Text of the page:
Every so often I go to the Yahoo Personal Finance section where people submit questions, and regular readers (read, not financial professionals) submit answers. The best answer, as voted, is shown to the unassuming public. Is this advice actually good?
Here is a question I saw the other day on Yahoo Personal Finance Questions and Answers. (They change these links every so often, so I copied the Q&A below).
Q: Which is better: fewer credit cards with high balances or more cards with low balances?
A: Best Answer: I am going through the same issues. My banker explained that it would be better to have fewer maxed out cards as opposed to having a bunch with a balance. Credit card companies look at you as a possible liability if you have unused credit card balances. You have the “ability” to max all of them. I hope this makes sense.
*Disclaimer, I am not a financial expert, so I am not qualified to give financial advice on this matter. But neither is the person who gave the advice!
How good is the answer? I don’t like this answer at all! I have no problem with the advice of having fewer cards with higher limits. The amount of available credit can hurt your credit score because there is more available credit to use, which is a factor in determining credit risk. If the entire limit is maxed out it doesn’t matter how many cards you have, your credit score will suffer as a result. In my opinion, the answer is extremely basic and does nothing to address other very important issues such as interest rates, paying more than the minimum amount, balance transfers, rewards benefits, or even carrying a credit card balance!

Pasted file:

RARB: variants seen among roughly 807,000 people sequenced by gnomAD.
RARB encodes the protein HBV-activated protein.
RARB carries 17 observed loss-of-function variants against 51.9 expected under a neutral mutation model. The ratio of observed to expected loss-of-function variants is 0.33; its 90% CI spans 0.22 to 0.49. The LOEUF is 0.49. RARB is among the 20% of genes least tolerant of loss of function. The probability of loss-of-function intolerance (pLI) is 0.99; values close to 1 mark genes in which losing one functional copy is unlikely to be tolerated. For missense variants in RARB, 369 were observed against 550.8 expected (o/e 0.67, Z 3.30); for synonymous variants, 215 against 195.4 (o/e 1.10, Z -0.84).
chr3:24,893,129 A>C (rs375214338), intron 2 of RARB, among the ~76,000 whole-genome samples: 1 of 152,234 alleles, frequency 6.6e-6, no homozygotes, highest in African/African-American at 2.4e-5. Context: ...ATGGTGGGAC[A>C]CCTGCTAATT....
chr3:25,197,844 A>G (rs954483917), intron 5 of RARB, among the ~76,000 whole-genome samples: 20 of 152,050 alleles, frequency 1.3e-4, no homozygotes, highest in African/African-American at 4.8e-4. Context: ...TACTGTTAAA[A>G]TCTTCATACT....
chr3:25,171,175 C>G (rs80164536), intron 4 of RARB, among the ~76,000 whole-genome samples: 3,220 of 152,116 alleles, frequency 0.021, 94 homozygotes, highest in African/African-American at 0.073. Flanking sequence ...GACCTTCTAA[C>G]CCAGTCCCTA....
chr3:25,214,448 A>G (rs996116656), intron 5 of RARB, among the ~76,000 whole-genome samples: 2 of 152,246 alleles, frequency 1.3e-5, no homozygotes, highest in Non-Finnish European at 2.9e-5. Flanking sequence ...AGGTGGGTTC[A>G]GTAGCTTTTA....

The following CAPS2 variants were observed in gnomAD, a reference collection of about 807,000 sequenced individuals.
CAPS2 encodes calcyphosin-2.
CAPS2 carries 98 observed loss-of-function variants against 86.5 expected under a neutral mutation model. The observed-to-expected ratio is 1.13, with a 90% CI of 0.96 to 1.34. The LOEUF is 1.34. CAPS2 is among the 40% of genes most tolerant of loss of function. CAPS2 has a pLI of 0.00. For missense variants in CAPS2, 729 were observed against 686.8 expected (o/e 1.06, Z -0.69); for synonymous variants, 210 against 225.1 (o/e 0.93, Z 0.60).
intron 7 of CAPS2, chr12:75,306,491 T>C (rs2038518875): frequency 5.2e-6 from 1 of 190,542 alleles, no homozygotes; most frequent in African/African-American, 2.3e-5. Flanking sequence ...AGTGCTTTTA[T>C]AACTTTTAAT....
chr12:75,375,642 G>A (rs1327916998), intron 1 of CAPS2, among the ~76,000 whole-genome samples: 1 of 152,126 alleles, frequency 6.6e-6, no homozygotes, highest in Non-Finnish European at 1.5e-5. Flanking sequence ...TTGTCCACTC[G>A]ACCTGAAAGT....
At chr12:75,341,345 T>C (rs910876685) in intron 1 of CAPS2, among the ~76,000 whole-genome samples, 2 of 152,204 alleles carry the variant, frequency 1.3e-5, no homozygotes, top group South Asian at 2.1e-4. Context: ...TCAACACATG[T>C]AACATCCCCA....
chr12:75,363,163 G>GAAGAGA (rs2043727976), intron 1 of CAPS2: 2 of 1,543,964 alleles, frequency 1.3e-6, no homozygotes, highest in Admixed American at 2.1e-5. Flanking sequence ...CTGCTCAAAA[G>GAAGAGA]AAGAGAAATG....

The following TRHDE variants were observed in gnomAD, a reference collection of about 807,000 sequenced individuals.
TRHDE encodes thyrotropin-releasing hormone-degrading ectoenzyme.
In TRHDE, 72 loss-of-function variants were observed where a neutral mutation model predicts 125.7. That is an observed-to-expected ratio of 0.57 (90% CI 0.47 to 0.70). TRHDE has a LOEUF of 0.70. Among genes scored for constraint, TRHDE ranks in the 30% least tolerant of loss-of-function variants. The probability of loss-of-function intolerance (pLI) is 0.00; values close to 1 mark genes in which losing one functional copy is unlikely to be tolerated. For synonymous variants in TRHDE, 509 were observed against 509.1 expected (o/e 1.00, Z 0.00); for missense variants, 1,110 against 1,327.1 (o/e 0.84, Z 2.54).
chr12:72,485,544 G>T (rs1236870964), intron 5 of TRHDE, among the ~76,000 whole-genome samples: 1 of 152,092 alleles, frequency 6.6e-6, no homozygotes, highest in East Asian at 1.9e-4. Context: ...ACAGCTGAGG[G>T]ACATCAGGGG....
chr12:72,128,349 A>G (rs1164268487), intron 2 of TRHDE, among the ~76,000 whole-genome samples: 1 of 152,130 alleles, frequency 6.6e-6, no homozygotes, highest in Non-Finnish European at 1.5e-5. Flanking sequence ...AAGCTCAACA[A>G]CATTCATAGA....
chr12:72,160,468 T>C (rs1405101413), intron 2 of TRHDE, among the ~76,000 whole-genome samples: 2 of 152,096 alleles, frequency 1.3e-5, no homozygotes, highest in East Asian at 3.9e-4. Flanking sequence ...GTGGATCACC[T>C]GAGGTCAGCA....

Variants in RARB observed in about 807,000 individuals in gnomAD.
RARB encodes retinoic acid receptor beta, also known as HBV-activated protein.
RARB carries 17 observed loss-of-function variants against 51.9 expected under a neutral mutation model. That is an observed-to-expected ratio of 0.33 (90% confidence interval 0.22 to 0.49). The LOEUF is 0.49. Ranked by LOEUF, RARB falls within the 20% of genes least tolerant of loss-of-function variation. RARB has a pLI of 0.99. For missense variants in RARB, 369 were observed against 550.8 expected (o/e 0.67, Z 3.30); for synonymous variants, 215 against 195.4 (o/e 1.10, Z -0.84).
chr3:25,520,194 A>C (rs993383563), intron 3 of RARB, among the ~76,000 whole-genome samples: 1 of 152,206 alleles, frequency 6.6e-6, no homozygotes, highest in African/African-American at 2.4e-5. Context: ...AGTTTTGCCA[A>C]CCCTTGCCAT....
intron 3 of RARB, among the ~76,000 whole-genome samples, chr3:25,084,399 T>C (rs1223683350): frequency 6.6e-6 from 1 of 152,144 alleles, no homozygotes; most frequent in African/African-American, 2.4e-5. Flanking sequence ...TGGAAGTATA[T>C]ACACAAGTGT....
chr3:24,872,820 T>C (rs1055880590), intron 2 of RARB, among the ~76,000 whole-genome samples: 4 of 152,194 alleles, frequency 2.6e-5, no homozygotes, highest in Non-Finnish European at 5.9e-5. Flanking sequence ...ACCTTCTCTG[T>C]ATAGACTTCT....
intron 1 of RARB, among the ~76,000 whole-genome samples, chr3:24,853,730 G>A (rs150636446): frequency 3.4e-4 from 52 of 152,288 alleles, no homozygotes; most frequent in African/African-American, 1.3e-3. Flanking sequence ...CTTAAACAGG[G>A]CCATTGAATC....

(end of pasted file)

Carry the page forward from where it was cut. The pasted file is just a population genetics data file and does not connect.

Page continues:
The question is stated so that credit card debt seems normal, and being smart and proactive with your debt means having fewer credit accounts with larger limits. That won’t magically pay them off faster (although it might be a lot easier to keep track of them). The point I make is that most personal finance questions are too complicated to be summed up in two or threeÂ sentences.
I really hope the person who asked the question looked deeper into her finances than just the answer given on Yahoo. I have not written a post or series about how to tackle credit card debt, but there are many personal finance bloggers who have dealt with debt and have written extensively on it (see No Credit Needed and Blogging Away Debt for two bloggers who have made great headway on their debts. For 2 new bloggers who are sharing their experiences about slaying their current debts, see Dollar Buy Dollar and SingleGuyMoney.)
If anyone has a good post (or a series) dealing with credit card debt, I will gladly link to it here.
I will not say Yahoo Personal Finance Questions and Answers should be avoided; by necessity they have to be quick and to the point. I am sure there is also a screening group that ensures the advice is at least fairly accurate. As with many things, personal finance issues can be very complex, and I recommend doing your research in a number of places before making any major financial decision. You owe it to yourself. (pun intended. ).